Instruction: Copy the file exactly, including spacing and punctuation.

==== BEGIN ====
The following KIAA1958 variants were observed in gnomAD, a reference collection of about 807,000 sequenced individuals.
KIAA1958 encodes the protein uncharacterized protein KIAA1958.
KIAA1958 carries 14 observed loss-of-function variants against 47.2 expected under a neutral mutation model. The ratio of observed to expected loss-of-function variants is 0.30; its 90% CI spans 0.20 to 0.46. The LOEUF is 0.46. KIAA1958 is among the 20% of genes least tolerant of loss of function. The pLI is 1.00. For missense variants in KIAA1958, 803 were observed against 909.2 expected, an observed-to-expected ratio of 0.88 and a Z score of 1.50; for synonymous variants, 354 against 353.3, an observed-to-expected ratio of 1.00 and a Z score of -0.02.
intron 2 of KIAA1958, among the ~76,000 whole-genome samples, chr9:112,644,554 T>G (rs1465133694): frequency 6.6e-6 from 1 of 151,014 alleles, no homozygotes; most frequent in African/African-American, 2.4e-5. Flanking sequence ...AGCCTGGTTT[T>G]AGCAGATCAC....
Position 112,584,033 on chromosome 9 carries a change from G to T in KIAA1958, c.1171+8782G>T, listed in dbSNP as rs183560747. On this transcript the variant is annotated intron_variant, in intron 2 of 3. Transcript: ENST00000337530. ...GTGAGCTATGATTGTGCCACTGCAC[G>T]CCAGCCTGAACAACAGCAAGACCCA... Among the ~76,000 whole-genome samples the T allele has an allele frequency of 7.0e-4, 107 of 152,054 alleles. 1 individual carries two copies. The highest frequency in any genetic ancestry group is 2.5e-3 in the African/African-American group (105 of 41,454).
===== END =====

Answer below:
The following KIAA1958 variants were observed in gnomAD, a reference collection of about 807,000 sequenced individuals.
KIAA1958 encodes the protein uncharacterized protein KIAA1958.
KIAA1958 carries 14 observed loss-of-function variants against 47.2 expected under a neutral mutation model. The ratio of observed to expected loss-of-function variants is 0.30; its 90% CI spans 0.20 to 0.46. The LOEUF is 0.46. KIAA1958 is among the 20% of genes least tolerant of loss of function. The pLI is 1.00. For missense variants in KIAA1958, 803 were observed against 909.2 expected, an observed-to-expected ratio of 0.88 and a Z score of 1.50; for synonymous variants, 354 against 353.3, an observed-to-expected ratio of 1.00 and a Z score of -0.02.
intron 2 of KIAA1958, among the ~76,000 whole-genome samples, chr9:112,644,554 T>G (rs1465133694): frequency 6.6e-6 from 1 of 151,014 alleles, no homozygotes; most frequent in African/African-American, 2.4e-5. Flanking sequence ...AGCCTGGTTT[T>G]AGCAGATCAC....
Position 112,584,033 on chromosome 9 carries a change from G to T in KIAA1958, c.1171+8782G>T, listed in dbSNP as rs183560747. On this transcript the variant is annotated intron_variant, in intron 2 of 3. Transcript: ENST00000337530. ...GTGAGCTATGATTGTGCCACTGCAC[G>T]CCAGCCTGAACAACAGCAAGACCCA... Among the ~76,000 whole-genome samples the T allele has an allele frequency of 7.0e-4, 107 of 152,054 alleles. 1 individual carries two copies. The highest frequency in any genetic ancestry group is 2.5e-3 in the African/African-American group (105 of 41,454).